transmitting pulse trains having a low duty cycle such that individual pulses are widely spaced apart at intervals corresponding to a predetermined pattern, and whereby any attempt to receive and integrate the pulses to form a compressed pulse will also receive and integrate a substantial amount of noise unless the predetermined pattern of pulses is known;
detecting and integrating the widely spaced individual pulses of the pulse trains to form compressed pulses; and
analyzing the compressed pulses to extract an information content of the communication.
8. A method as claimed in claim 7, wherein the step of analyzing the compressed pulses comprises the step of measuring a timing between the compressed pulses.
9. A method as claimed in claim 7, wherein the step of transmitted pulse trains having a low duty cycle comprises the step of generating pulses with a duty cycle of on the order of 1.2% to 1.6%.
10. A method as claimed in claim 7, wherein the step of transmitting the pulse trains comprises the step of transmitting pulse trains having a signal-to-noise ratio of less than unity.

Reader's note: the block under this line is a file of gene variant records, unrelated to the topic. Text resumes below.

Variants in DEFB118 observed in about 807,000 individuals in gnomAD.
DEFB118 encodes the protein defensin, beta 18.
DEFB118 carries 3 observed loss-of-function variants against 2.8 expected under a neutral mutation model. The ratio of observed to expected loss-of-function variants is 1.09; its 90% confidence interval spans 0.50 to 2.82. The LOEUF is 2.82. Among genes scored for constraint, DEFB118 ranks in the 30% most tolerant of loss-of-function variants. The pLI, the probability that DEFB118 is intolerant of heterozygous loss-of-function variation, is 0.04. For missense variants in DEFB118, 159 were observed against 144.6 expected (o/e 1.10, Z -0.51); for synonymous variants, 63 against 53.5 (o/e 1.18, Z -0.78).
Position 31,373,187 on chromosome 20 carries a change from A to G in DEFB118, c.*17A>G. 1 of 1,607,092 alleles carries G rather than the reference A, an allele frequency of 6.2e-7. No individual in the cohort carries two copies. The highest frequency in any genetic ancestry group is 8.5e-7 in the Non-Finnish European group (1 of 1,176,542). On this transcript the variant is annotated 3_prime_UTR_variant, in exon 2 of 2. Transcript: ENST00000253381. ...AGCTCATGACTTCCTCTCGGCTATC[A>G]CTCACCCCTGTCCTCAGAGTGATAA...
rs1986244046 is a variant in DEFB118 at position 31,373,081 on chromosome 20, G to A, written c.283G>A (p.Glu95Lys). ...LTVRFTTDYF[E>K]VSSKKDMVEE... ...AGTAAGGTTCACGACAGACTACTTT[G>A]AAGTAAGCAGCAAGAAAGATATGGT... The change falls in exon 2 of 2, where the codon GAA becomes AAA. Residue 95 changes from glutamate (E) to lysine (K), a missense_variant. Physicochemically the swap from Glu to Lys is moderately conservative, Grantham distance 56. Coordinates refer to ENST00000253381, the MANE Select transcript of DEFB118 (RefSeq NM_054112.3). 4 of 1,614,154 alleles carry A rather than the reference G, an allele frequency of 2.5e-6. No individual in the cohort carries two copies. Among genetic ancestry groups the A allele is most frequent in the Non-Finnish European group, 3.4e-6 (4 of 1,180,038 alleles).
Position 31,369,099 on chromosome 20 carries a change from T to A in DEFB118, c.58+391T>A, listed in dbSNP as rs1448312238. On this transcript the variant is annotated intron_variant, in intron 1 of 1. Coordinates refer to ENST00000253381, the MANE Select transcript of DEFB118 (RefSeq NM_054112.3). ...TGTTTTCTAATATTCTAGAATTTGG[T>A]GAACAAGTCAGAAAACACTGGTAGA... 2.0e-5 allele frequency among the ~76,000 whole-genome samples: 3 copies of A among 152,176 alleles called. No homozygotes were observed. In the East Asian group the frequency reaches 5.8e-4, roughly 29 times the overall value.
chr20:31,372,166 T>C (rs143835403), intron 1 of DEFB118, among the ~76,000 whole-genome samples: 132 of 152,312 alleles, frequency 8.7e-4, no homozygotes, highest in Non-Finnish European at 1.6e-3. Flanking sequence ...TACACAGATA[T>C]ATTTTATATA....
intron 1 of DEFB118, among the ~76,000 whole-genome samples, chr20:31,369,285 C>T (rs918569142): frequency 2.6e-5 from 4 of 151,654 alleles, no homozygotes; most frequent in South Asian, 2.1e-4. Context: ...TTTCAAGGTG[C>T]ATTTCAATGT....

11. A method as claimed in claim 8, wherein the step of measuring a timing between the compressed pulses comprises the step of using a look-up table to look up a meaning assigned to the measured timing.
1. Field of the Invention
This invention relates to the field of electro-magnetic communications, and in particular to a system for covertly modulating and demodulating an electromagnetic carrier wave so as to convey information from a transmitting device to a receiving device.
2. Description of Related Art
Modulation is the process of converting a message into information-bearing signals that not only unambiguously represent the message but also are suitable for propagation over a transmitting medium to a receiver. In pulse modulation, the carrier of the message is in the form of an electromagnetic wave which has been modulated to form a train of regularly recurrent pulses, the structure or arrangement of the individual pulses in the pulse train carrying the message. The transmitting medium may be the earth's atmosphere, outer space, or a man-made carrier such as an electrical or optical cable.